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How to limit container privilege with socket activation

Using socket activation with the --network=none option limits an intruder's ability to use a compromised container as a starting point for attacks on other devices.

Anytime you have a network service that is accessible to the public internet, you must try to minimize the potential for damage if it is compromised. One way is to run a network daemon with as few privileges as possible. Assuming the compromise is not caused by a kernel bug, an intruder's access will be limited to the privileges granted to the running network daemon.

There's a new feature in Podman that lets you run network daemons with restricted network access. Since version 3.4.0, Podman supports socket activation in containers, meaning that you can pass a socket-activated socket to your container. It's possible for a container to use a socket-activated socket even when the network is disabled (that is, when the option --network=none is passed to podman run).

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Not all software daemons support socket activation but it's becoming increasingly popular. For instance, Apache HTTP server, MariaDB, DBUS, PipeWire, Gunicorn, and CUPS all have socket activation support.

A note on SELinux: If your computer runs SELinux, you must have container-selinux 2.183.0 or newer installed to run these examples.

An echo server example

You can try out socket-activate-echo, a simple echo server container that supports socket activation.

First, create a container named echo:

$ podman create \
--rm --name echo \
--network=none \

Next, generate a systemd service unit:

$ mkdir -p ~/.config/systemd/user

$ podman generate systemd --name \
--new echo > ~/.config/systemd/user/echo.service

A socket-activated service also requires a systemd socket unit, so create the file ~/.config/systemd/user/echo.socket. In it, define the sockets that the container uses:

Description=echo server



The %h entity is a systemd specifier that expands to the user's home directory.

After editing the unit files, reload the systemd configuration:

$ systemctl --user daemon-reload

Next, start the socket unit:

$ systemctl --user start echo.socket

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Test the echo server with the program socat:

$ echo hello | socat - tcp4:

$ echo hello | socat - tcp6:[::1]:3000

$ echo hello | socat - udp4:

$ echo hello | socat - udp6:[::1]:3000

$ echo hello | socat - unix:$HOME/echo_stream_sock

The echo server works as expected. It replies hello after receiving the text hello.

Controlling connections

If the echo server is compromised due to a vulnerability, the container might be used to launch attacks against other PCs or devices on the network. However, consider that an echo server only needs to accept incoming connections on the socket-activated socket it inherits. It does not need the ability to establish outgoing connections.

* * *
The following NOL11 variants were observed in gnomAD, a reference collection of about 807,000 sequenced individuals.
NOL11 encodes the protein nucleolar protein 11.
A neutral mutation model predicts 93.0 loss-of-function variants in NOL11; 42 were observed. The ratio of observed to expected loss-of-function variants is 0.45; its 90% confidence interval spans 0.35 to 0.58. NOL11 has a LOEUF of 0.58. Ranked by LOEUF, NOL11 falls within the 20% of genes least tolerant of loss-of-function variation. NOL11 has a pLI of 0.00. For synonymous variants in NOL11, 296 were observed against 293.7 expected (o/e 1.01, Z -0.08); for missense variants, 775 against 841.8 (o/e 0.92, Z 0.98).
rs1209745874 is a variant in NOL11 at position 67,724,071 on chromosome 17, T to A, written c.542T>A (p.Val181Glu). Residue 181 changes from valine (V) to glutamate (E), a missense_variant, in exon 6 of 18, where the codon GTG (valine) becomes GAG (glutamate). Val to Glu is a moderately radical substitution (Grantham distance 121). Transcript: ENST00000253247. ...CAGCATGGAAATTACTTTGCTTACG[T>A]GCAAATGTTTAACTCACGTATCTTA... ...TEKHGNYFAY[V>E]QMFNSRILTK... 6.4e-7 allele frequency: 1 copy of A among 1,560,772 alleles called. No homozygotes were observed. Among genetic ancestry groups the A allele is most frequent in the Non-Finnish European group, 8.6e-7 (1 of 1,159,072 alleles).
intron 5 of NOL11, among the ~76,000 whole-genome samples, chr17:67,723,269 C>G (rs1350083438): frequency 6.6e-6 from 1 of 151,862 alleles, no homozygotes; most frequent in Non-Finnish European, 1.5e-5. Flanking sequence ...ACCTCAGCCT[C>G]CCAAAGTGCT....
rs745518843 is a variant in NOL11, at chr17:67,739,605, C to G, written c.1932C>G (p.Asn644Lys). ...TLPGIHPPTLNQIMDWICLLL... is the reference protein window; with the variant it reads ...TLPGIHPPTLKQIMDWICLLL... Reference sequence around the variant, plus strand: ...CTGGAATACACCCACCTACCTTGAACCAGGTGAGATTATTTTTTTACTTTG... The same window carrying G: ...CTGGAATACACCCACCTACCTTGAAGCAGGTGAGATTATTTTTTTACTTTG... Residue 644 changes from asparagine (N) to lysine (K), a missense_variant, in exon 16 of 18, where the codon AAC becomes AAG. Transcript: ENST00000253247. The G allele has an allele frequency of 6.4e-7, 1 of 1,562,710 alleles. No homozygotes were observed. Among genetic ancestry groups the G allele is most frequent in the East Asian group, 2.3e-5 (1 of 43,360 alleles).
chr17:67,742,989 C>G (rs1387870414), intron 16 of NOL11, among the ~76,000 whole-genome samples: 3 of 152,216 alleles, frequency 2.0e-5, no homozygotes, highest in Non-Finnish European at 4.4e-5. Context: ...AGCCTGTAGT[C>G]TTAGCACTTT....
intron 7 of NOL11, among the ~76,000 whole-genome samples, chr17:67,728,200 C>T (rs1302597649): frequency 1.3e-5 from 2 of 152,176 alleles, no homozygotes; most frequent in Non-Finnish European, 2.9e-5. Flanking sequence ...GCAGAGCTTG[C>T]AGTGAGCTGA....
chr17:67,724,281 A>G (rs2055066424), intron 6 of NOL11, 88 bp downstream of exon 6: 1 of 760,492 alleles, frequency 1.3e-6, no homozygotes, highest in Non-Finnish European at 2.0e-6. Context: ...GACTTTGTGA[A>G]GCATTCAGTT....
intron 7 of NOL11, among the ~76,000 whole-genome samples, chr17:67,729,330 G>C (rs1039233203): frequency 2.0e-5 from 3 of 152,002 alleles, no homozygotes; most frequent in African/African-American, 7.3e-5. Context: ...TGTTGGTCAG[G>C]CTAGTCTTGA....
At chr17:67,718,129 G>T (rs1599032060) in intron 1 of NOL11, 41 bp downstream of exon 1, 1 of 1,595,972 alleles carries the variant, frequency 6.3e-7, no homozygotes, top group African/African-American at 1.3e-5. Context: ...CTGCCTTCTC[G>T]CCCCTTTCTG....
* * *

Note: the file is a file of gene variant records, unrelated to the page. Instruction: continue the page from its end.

Fortunately, the command-line option –-network=none provides these kinds of restrictions.

$ grep -B8 -- --network=none \
ExecStart=/usr/bin/podman run \
--cidfile=%t/%n.ctr-id \
--cgroups=no-conmon \
--rm \
--sdnotify=conmon \
-d \
--replace \
--name echo \

[ Improve your skills managing and using SELinux with this helpful guide. ]

Assume an intruder has shell access in the container. The situation can be simulated by executing commands with podman exec:

$ podman exec -ti \
echo /usr/sbin/ip -brief addr
lo UNKNOWN ::1/128

Only the loopback interface is available:

$ podman exec -ti \
echo /usr/bin/curl
curl: (6) Could not resolve host:

The curl command is not able to download a web page. The network interface tap0 that rootless Podman normally uses to access the internet is unavailable.

If I instead remove the option --network=none, reload the systemd daemon, restart the service, and run the same commands, I see that the network interface tap0 is available:

$ podman exec -ti \
echo /usr/sbin/ip -brief addr
lo UNKNOWN ::1/128
tap0 UNKNOWN fd00::9847:3aff:fe5d:97ea/64 fe80::9847:3aff:fe5d:97ea/64

Now curl can download the web page:

$ podman exec -ti \
echo /usr/bin/curl | head -2
<!doctype html>
<html lang="en-US">

Socket activation

Using socket activation together with the option --network=none for containerized network daemons is a new way to improve security in Podman. It limits the possibilities for an intruder to use a compromised container as a starting point for attacks on other PCs.

My follow-up article takes this idea one step further by also restricting internet access for Podman and its helper programs such as conmon and the OCI runtime. The socket activation tutorial provides more information about socket activation support in Podman.

Topics:   Podman   Security   Containers  
Author’s photo

Erik Sjölund

Erik Sjölund enjoys learning and discovering new things, especially within container technologies. He holds a master's degree in Engineering Physics and has worked as a Linux sysadmin and software developer, especially in the field of life sciences. More about me

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